Scientific name: Pycnanthemum incanum
Cover photo credit: Ted Bodner, USDA-NRCS PLANTS Database
“Endangered” means the species lives in the wild in Ontario but is facing imminent extinction or extirpation.
Date added to the Species at Risk in Ontario List
The Hoary mountain-mint was already assessed as endangered when the Endangered Species Act took effect in 2008.
Read the Assessment Report
What it looks like
Hoary Mountain-mint is a perennial herb that grows up to one metre in height. The stems and upper surfaces of the upper leaves have many fine white hairs which partly accounts for this species’ name.
The lower surfaces of leaves are also densely hairy. Leaves can reach five to ten centimetres in length and about 1.5 to 3.5 centimetres in width, and are sparsely toothed. They have a minty scent.
The flowers of the Hoary Mountain-mint are small, white, and purple-spotted and are clustered at the ends of stems and in the axils (where the leaves join the stem) of the leaves.
Where it lives
In Ontario, Hoary Mountain-mint mostly occurs in dry, oak woodland habitat, on steep, warmer-than-normal slopes.
The species does best in open areas with ample sunlight, in habitats that depend on disturbance such as fire to maintain these conditions.
Where it’s been found in Ontario
What threatens it
There are a number of threats to Hoary Mountain-mint including the succession of woody plants resulting from fire suppression, shoreline erosion, invasive species such as Tartarian Honeysuckle, European Buckthorn, Lesser Periwinkle, Norway Maple and Garlic Mustard, and small population size resulting in concerns over genetic issues.
Action we are taking
Endangered Species and their general habitat are automatically protected
A recovery strategy advises the ministry on ways to ensure healthy numbers of the species return to Ontario.
Read the executive summary (February 18, 2011)
Read the recovery strategy (February 18, 2011)
Government response statement
A government response statement outlines the actions the government intends to take or support to help recover the species.
Read the government response statement (November 18, 2011)
Five-Year Review of Progress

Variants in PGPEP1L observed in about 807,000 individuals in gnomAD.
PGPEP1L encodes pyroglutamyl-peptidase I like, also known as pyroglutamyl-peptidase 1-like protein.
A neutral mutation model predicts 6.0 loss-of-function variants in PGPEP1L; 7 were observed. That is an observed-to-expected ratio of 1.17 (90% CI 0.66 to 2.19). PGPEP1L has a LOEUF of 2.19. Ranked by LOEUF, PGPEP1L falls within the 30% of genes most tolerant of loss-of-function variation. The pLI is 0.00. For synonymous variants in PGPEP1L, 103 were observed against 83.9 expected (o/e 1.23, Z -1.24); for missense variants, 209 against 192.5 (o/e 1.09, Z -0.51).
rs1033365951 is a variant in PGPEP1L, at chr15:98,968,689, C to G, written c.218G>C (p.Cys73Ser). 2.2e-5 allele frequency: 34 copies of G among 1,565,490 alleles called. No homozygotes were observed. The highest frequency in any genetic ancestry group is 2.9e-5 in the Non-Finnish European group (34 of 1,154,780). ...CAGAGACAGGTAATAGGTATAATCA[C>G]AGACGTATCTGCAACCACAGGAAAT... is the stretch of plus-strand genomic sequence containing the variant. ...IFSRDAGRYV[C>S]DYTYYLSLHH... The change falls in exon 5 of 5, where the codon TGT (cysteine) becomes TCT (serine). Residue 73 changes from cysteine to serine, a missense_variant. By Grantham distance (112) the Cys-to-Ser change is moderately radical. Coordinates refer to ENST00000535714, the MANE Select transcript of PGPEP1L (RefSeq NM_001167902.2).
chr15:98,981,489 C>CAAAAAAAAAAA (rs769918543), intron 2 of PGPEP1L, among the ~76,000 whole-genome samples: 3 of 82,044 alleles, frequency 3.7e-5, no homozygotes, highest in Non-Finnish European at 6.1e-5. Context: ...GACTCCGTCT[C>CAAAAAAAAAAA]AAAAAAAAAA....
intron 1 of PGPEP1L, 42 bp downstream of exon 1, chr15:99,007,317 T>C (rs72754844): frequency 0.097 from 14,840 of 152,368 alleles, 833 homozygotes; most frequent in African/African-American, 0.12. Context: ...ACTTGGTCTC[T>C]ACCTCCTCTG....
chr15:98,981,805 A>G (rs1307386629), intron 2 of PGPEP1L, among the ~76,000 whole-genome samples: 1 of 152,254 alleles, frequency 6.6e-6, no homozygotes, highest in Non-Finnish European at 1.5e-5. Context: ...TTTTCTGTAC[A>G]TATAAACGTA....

A five-year review reports on progress made toward protecting and recovering a species, within five years of publishing a species’ government response statement.
Read the report on progress towards the protection and recovery of 27 species at risk, including Hoary Mountain-mint (2016).
General Habitat Protection - June 30, 2008
What you can do
Report a sighting
The Ministry of Natural Resources and Forestry tracks species at risk such as the Hoary mountain-mint. Report a sighting of an endangered animal or plant to the Natural Heritage Information Centre. Photographs with specific locations or mapping coordinates are always helpful.
Volunteer with your local nature club or provincial park to participate in surveys or stewardship work focused on species at risk.
Be a good steward
- Private land owners have a very important role to play in species recovery. If you find Hoary mountain-mint on your land, you may be eligible for stewardship programs that support the protection and recovery of species at risk and their habitats.
- Hoary Mountain-mint depends on healthy oak woodland habitat. Healthy oak woodland is tied to healthy grassland habitats such as tallgrass prairie and oak savannah. In fact, many of Ontario’s species at risk rely on these rare habitats Learn more about these habitats, the species that depend on them, and what you can do to help at:
- Pollinators, such as bees, are in steep decline across the globe and they play a key role in the survival of many of Ontario’s rare plants. For information on how you can help scientists monitor pollinator populations in Ontario visit:
- Invasive species seriously threaten many of Ontario’s species at risk. To learn what you can do to help reduce the threat of invasive species, visit:
Report illegal activity
Report any illegal activity related to plants and wildlife to
- Aboriginal people used Hoary Mountain-mint as a remedy for colds, fevers, digestive disorders, headaches, and heart troubles.
- Hoary Mountain-mint has responded positively to recent management actions between 2005 and 2007 that include prescribed burns and additional control of invasive native and exotic woody species.
- Hoary Mountain-mint is a very fragrant plant that is attractive to bees and known to produce high quality honey.
- Hoary Mountain-mint has very high natural rubber content.